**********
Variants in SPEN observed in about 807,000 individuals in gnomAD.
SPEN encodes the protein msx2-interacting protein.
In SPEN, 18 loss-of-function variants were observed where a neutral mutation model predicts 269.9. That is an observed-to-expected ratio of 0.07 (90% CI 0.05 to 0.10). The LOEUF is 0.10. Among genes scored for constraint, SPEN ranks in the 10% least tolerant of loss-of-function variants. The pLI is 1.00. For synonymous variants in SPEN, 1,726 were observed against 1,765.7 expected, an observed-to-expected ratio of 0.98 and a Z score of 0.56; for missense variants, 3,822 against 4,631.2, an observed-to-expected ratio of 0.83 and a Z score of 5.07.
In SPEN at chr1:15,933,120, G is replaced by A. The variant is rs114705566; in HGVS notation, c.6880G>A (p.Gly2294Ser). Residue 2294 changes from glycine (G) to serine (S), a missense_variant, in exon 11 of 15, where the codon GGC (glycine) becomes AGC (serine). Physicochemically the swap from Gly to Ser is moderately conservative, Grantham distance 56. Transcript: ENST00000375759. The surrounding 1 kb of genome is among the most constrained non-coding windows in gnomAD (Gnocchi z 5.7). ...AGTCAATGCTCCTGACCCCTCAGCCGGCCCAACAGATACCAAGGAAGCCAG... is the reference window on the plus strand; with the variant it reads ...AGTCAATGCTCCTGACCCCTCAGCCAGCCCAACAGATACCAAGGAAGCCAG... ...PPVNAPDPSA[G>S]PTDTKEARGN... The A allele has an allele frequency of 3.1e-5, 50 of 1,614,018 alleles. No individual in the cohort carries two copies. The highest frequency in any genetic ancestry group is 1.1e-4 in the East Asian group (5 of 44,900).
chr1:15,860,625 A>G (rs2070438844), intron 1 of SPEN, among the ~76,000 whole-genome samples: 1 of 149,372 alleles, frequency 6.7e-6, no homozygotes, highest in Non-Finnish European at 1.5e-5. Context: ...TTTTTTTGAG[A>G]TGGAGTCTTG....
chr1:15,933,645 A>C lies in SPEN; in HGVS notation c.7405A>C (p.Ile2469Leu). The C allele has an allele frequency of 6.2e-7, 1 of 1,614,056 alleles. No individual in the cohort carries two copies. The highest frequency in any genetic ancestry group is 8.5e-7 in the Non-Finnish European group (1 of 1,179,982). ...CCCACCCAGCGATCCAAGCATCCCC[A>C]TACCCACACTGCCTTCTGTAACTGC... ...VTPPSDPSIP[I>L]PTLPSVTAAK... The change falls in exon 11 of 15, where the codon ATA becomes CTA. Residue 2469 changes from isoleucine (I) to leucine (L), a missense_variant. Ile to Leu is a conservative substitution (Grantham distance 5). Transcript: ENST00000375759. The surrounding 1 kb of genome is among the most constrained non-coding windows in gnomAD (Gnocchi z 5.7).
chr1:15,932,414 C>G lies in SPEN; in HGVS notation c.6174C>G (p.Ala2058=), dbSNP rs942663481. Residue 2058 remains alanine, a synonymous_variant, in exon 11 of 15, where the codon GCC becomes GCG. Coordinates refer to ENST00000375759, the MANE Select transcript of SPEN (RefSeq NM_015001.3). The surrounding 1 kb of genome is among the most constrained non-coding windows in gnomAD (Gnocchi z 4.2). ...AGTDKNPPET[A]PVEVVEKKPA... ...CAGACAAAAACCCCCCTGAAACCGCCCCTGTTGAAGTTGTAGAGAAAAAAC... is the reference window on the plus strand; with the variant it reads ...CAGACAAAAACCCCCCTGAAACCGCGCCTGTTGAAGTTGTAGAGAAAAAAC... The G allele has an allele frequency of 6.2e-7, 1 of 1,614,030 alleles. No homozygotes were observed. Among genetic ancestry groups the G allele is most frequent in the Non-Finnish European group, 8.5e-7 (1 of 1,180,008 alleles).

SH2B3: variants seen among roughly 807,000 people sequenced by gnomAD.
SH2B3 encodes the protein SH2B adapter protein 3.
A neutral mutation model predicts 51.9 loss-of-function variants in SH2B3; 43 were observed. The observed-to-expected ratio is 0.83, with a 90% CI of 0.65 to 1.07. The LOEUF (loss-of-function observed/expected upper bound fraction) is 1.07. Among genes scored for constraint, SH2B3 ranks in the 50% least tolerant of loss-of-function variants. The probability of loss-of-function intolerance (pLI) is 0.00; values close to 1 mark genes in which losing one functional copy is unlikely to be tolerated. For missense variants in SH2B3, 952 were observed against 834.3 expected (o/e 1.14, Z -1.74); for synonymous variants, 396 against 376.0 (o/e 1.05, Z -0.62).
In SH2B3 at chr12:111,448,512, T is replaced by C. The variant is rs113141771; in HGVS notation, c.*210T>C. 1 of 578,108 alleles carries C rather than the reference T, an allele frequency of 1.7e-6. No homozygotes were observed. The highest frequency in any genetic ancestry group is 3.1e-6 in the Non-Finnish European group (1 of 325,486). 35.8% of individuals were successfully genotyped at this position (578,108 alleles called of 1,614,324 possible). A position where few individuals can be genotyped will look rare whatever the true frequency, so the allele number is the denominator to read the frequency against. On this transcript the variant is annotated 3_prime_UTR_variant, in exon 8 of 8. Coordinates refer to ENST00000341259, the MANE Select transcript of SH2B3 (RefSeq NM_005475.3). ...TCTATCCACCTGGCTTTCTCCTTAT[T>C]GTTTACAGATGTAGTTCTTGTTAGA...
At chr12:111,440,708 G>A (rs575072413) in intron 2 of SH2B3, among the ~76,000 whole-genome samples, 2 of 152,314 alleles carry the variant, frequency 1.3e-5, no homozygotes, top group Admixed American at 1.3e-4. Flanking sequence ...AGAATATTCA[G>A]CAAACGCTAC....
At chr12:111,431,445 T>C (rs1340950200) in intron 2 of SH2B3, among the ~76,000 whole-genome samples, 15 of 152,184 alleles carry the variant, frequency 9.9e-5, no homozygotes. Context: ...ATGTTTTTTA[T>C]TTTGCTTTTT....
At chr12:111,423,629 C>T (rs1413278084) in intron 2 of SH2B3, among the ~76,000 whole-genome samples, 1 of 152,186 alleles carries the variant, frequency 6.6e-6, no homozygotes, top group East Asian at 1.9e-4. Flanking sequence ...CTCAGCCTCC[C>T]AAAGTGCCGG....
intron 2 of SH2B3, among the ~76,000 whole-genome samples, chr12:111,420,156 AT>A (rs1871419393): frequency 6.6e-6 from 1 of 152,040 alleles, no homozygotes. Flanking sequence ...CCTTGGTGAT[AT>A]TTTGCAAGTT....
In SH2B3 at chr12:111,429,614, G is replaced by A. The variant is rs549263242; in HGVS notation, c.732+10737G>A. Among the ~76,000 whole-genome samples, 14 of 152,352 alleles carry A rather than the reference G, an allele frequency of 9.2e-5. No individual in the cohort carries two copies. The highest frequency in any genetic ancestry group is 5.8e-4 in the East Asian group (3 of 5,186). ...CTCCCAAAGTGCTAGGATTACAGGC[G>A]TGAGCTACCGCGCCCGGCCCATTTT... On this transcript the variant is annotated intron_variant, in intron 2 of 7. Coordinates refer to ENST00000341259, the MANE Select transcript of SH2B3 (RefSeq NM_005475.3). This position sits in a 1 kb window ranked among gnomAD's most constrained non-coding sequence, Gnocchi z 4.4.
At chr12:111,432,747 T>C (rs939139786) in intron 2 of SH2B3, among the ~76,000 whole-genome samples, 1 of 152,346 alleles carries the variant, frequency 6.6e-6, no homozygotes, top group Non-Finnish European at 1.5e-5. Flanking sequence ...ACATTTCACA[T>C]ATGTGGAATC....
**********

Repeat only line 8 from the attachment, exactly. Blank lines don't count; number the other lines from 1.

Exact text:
SH2B3: variants seen among roughly 807,000 people sequenced by gnomAD.